You know the risks of backcountry exploration but, now that pandemic protocols have eased, are you prepared for the hazards of city travel? Global Rescue security expert Harding Bush maps out six essential safety tips for travel in urban environments.
While nature or weather may be more of a threat in the backcountry, cities have their own unique risks. An elevated level of crime may threaten personal safety. Roadways with more vehicles mean more chances of a traffic accident.
“Even the character of commercial, industrial and residential sprawl can increase the effects of a natural disaster, such as a flood, fire or earthquake,” said Harding Bush, manager of operations at Global Rescue.
Being prepared will give you the confidence to concentrate on your business trip or enjoy the sights as a tourist — rather than worrying if you’ll be a victim of a crime.
“Your ability to reduce the overall risk level relies on your ability to recognize and avoid threats. In other words, always be aware of where you are and what is going on around you, and be able to avoid an escalating security situation,” Bush said.
Here are six essential steps for safe travel in the city.
Step #1: Conduct a Self-Assessment
Before visiting a city, think about how familiar you are with the area. Have you been there before? What resources do you have there: friends, family, business colleagues? If it’s a foreign city, does your home nation have a consulate?
Use multiple sources for your research: local and foreign news reports, travel reviews and social media. Ask friends and colleagues who have traveled there before what went well and what could have gone better during their travel.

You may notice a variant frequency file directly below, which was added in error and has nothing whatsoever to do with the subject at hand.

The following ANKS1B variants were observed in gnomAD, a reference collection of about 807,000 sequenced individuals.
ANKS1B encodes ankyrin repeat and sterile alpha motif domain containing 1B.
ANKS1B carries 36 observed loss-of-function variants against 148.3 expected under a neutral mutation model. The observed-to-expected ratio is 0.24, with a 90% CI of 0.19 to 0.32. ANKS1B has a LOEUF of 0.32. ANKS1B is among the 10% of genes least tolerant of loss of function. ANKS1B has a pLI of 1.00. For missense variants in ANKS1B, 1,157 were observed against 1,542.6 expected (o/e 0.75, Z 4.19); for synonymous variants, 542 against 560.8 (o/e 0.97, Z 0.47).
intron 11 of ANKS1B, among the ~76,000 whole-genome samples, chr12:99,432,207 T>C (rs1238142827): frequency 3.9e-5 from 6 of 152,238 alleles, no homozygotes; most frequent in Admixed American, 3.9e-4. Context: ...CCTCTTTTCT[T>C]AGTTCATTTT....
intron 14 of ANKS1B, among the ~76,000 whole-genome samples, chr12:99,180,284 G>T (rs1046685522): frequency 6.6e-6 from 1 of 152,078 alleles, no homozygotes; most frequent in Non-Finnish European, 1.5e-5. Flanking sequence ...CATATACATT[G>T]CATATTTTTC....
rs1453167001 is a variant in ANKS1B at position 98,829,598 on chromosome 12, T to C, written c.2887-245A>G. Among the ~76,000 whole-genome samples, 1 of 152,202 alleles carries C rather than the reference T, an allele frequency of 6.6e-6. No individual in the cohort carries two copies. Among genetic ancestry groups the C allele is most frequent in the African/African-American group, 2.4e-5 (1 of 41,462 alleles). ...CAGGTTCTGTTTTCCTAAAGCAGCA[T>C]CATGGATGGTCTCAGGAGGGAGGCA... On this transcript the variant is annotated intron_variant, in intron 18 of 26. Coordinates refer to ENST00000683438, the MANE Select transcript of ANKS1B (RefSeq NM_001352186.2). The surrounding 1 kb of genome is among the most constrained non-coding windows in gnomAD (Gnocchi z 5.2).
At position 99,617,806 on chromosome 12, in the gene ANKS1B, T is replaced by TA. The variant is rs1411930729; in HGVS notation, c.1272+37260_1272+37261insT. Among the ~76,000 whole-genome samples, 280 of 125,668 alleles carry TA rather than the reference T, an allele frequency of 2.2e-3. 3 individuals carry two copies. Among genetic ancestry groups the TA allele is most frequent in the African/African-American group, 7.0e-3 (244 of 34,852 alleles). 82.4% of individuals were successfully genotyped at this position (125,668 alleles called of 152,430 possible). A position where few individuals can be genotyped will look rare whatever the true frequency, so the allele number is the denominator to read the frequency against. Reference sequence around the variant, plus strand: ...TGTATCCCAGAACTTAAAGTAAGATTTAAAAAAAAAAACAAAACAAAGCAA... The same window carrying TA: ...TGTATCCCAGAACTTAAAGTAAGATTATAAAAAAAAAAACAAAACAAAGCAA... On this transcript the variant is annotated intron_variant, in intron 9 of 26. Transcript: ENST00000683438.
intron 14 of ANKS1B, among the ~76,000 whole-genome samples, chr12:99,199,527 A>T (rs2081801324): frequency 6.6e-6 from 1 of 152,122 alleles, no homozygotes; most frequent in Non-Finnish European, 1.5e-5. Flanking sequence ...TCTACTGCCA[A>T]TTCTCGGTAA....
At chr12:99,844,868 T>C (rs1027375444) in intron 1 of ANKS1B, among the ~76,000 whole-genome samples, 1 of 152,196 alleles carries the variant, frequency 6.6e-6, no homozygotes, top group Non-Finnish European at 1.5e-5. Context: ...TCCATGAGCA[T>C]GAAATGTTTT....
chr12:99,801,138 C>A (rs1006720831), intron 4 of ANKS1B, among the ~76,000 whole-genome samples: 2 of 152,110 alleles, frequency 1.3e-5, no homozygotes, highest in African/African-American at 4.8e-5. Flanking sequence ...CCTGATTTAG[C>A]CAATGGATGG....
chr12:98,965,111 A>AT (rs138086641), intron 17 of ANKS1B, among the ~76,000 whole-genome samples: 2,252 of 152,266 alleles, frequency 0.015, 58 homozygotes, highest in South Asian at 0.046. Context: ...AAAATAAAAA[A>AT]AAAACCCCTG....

Large cities can be challenging enough with their expansiveness. Now throw in cultural considerations, a language barrier and perhaps an unstable government or infrastructure. Risk grows as the complexities build. Here are some questions to consider as you are planning your trip to the city:
- How reliable is the infrastructure? Learn about transportation, road and vehicle safety.
- Are there any cultural considerations? Are the local laws different?
- What is the economic situation? Research crime in the city and the capabilities of the police.
- What if you become ill? How are the hospitals? If it is a foreign city, will your health insurance cover you in that location?
“The answers to those questions are the foundation of your safety or security plan,” Bush said. “Once these questions are answered, you can begin to prepare for a specific level of risk.”
Step #2: Choose Your Transportation
Think carefully before driving in an unfamiliar or foreign city.
“Vehicle accidents are one of the leading causes of travelers being injured or killed abroad,” Bush said.
If you decide to rent a car, get the appropriate insurance. Ensure the vehicle has all the required safety equipment. Take several minutes to familiarize yourself with the car before setting out on the roads. Preprogram destinations in your GPS, have and review maps, and understand the basic layout of the city.
A car service with a local driver is nearly always safer and more efficient. You know you’ll get where you need to, and you don’t have to worry about parking or the car being stolen. Discuss safety considerations with the driver and have a point of contact at the car service company.
Legal and registered taxis are the next best thing to a car service, and you can likely arrange these through your hotel for the safest and most reliable options.